07 Oct Foggy Economics*
Where are those neat crystal ball predictions that students of economics used to rely on? Why is it that so many of today’s analysts, historians and financial industry pundits – including the Federal Reserve – are getting their forecasts so, so wrong? What makes predicting the economy in the 21st Century so different, so challenging? What is creating the fog? Where can a person look for answers to threshold economic questions? Is the U.S. headed towards a recession or is it not? Opinions and analyses vary. (See “1937” in the March 11th TLR and “The Coming Recession” in the July 17th TLR.) Are interest rates and fiscal policy too loose or too tight? The experts’ facetious answer to both is “yes.” (See “Managing the Economic Cycle (Parts 1 and 2)” in the May 8th and May 10th TLR.) Is the Dollar excessively strong or too weak? President Trump says it’s too strong … while his Federal Reserve Chairman disagrees. (See “A Weaker US Dollar?” in the August 26th TLR and “Be Careful What You Wish For” in the July 19th TLR.) Are we facing deflation or inflation? Perhaps both! (See “Whither Inflation?” in the March 13th TLR and “Deflation?” in the June 19th TLR.) Will the stock market continue its upward climb or is it about to fall off a cliff? Statistics support both views. (See “A Perpetual Bull Market” in the March 3rd TLR and “Is This Time the Same?” in the August 21st TLR.) What did Ray Dalio mean when he said that the U.S. is about to experience a “paradigm shift”? What might happen next? (See “There’s Something’s Happening Here” in the July 26th TLR.)
The startling fact is that, because these times are different, so very different, there are no good answers. Although historians preach that “Times are never really different” …, this time they’re wrong. Proof of that lies in another truism: “Never say never.” There is no historical precedent for the confluence of trends, changes, and multiple Revolutions shaping the world in 2019. We live in a disrupted time.
Consider the facts.
The modern Agricultural Revolution began 500 years ago … and, even now, progress continues apace. Changes to farming methods, seed technology and fertilizers may seem incremental …, but because of them, there no longer need be hunger. Agricultural scarcity has come to an end. That’s a human first.
The Industrial Revolution began in the 18th Century … and productivity continues to make huge strides year-over-year. The world now produces everything that people want …, and can produce far more. There is a true, flexible global economy. That’s a human first …, an economic and social disrupter.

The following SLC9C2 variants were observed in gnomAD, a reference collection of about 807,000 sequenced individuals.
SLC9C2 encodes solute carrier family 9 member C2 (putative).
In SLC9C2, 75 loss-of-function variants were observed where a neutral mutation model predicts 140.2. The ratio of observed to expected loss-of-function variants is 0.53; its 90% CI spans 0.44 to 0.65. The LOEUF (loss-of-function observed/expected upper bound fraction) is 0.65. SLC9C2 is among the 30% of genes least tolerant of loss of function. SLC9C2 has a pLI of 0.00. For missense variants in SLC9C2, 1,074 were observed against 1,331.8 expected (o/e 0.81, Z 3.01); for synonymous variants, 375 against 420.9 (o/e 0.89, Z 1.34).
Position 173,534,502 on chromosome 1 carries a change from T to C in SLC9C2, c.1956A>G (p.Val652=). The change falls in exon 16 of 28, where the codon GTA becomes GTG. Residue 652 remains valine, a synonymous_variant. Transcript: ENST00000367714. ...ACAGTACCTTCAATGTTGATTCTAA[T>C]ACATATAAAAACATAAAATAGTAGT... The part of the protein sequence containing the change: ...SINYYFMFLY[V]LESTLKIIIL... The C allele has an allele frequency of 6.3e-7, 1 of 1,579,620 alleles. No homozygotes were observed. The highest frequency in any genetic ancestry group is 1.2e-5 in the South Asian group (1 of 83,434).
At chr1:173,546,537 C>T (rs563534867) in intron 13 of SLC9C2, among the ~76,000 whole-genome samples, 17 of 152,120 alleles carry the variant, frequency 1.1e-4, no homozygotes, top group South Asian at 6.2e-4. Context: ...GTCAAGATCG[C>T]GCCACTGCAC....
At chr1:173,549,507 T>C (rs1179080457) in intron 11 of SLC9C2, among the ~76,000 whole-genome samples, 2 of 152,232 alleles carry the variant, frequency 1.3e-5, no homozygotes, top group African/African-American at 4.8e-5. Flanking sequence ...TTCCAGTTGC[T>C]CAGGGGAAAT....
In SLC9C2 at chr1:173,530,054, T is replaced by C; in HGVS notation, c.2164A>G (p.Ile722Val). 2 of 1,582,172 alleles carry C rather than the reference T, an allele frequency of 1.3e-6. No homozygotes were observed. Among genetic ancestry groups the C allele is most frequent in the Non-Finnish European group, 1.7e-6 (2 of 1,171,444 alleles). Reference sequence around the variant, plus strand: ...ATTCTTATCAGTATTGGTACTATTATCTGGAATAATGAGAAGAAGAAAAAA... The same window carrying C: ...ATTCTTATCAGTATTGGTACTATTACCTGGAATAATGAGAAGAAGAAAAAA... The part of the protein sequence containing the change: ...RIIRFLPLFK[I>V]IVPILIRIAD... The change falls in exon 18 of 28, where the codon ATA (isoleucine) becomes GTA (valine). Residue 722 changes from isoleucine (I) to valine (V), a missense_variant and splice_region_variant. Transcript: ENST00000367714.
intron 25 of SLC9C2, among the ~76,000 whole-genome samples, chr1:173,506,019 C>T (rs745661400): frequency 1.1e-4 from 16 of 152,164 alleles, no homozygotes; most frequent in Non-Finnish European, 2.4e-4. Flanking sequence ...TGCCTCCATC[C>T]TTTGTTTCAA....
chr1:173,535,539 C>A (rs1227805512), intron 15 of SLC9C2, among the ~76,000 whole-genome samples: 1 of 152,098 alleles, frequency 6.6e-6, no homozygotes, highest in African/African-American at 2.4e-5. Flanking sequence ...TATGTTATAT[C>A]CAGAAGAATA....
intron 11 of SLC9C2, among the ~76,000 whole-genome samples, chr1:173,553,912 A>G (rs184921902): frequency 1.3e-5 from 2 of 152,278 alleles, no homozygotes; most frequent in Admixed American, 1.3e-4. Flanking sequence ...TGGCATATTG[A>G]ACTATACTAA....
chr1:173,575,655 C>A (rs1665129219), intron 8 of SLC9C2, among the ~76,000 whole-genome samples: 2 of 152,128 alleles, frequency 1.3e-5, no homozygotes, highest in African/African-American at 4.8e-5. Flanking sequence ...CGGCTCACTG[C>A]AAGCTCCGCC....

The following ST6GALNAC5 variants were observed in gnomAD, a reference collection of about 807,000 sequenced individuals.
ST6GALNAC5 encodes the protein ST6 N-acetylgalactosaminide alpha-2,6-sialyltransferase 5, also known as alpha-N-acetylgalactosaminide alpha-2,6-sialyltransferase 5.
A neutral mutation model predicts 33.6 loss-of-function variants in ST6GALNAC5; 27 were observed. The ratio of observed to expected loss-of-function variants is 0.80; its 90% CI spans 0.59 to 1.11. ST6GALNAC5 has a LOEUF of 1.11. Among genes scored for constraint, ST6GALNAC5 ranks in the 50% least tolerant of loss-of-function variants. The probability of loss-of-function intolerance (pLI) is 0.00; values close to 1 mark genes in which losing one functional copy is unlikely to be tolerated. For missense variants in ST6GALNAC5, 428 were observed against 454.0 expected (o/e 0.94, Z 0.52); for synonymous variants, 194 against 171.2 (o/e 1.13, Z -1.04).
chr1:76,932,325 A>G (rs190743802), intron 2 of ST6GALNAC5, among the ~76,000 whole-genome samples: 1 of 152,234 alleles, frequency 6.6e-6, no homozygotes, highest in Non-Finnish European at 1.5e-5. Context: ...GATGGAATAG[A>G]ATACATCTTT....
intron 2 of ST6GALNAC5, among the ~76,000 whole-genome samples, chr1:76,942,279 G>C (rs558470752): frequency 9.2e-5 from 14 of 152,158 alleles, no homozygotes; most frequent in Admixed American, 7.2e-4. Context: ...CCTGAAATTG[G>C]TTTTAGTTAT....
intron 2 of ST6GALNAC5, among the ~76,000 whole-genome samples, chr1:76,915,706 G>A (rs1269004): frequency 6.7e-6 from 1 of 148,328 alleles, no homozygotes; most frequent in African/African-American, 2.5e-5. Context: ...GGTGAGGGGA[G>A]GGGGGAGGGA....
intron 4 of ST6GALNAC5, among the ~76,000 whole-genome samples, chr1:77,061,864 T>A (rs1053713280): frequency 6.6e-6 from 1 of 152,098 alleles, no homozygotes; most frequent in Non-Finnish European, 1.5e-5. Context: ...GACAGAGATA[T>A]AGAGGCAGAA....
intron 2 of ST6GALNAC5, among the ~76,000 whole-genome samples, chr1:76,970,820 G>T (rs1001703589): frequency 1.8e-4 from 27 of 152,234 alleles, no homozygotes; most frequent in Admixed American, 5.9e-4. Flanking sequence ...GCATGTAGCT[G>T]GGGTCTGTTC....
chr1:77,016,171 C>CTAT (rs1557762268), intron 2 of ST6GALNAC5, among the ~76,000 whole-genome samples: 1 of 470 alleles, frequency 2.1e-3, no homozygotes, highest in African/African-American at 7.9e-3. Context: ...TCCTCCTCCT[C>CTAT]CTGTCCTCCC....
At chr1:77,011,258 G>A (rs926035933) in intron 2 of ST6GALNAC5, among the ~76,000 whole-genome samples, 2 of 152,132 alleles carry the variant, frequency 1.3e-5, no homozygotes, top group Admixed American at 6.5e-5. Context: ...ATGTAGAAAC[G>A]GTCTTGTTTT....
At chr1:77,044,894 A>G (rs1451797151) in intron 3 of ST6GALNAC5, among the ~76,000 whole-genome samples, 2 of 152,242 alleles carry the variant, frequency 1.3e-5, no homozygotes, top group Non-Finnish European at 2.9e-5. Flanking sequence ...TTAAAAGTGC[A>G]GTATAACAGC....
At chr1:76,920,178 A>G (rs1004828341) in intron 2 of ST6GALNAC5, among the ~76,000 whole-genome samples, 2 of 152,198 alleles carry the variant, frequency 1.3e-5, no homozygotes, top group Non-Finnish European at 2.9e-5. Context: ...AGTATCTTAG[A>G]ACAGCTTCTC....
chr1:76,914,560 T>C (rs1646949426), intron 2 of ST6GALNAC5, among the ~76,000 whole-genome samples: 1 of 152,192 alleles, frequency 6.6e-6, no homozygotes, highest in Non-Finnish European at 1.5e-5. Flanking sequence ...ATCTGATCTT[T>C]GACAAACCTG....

The Energy Revolution also began in the 18th Century … and continues leaping from wood to coal to hydro and steam to whale oil to petroleum and natural gas to nuclear to solar and wind … and so on. Energy can be generated at levels never before imagined …, and this has created both economic prosperity and potentially-catastrophic environmental complications difficulties. The world is warming, climates are threatened, over-fishing is changing the ecology, species are dying out at increasing rates, forests are burning. The extent and pervasiveness of these changes are human history firsts.
The Technology Revolution began in the mid-20th Century … and productivity has accelerated in every year since then. We’ve barely begun seeing the changes that technology will bring to human life …, and human lifestyle. Technological change has been and will continue to be unpredictable disruptive.
Nothing has prepared humanity for the Data Revolution – free, universal, almost instantaneous access to all of human knowledge –, and for the ability of governments to control distort filter channel that access. Big Brother indeed is watching! “Disruptive” doesn’t begin to describe the Data Revolution.
The Biotechnology Revolution began only recently. Its effects on quality-of-life, medical care, and lifespan have only begun to be imagined realized. Biotechnology perhaps will be the greatest disrupter.
One can parse each of these Revolutionary advances, slicing and dicing them in any number of ways, but the result in 2019 is that they are not merely co-existing, which would portend enormous change, but in combination are synergistic … in unforeseeable ways. That is why no period in human history resembles today. That is why crystal balls are foggy …, and why they are likely to remain foggy. These times are different, impossibly different from previous periods, foretelling consequences that no one reasonably can predict, economically, socially, politically or otherwise.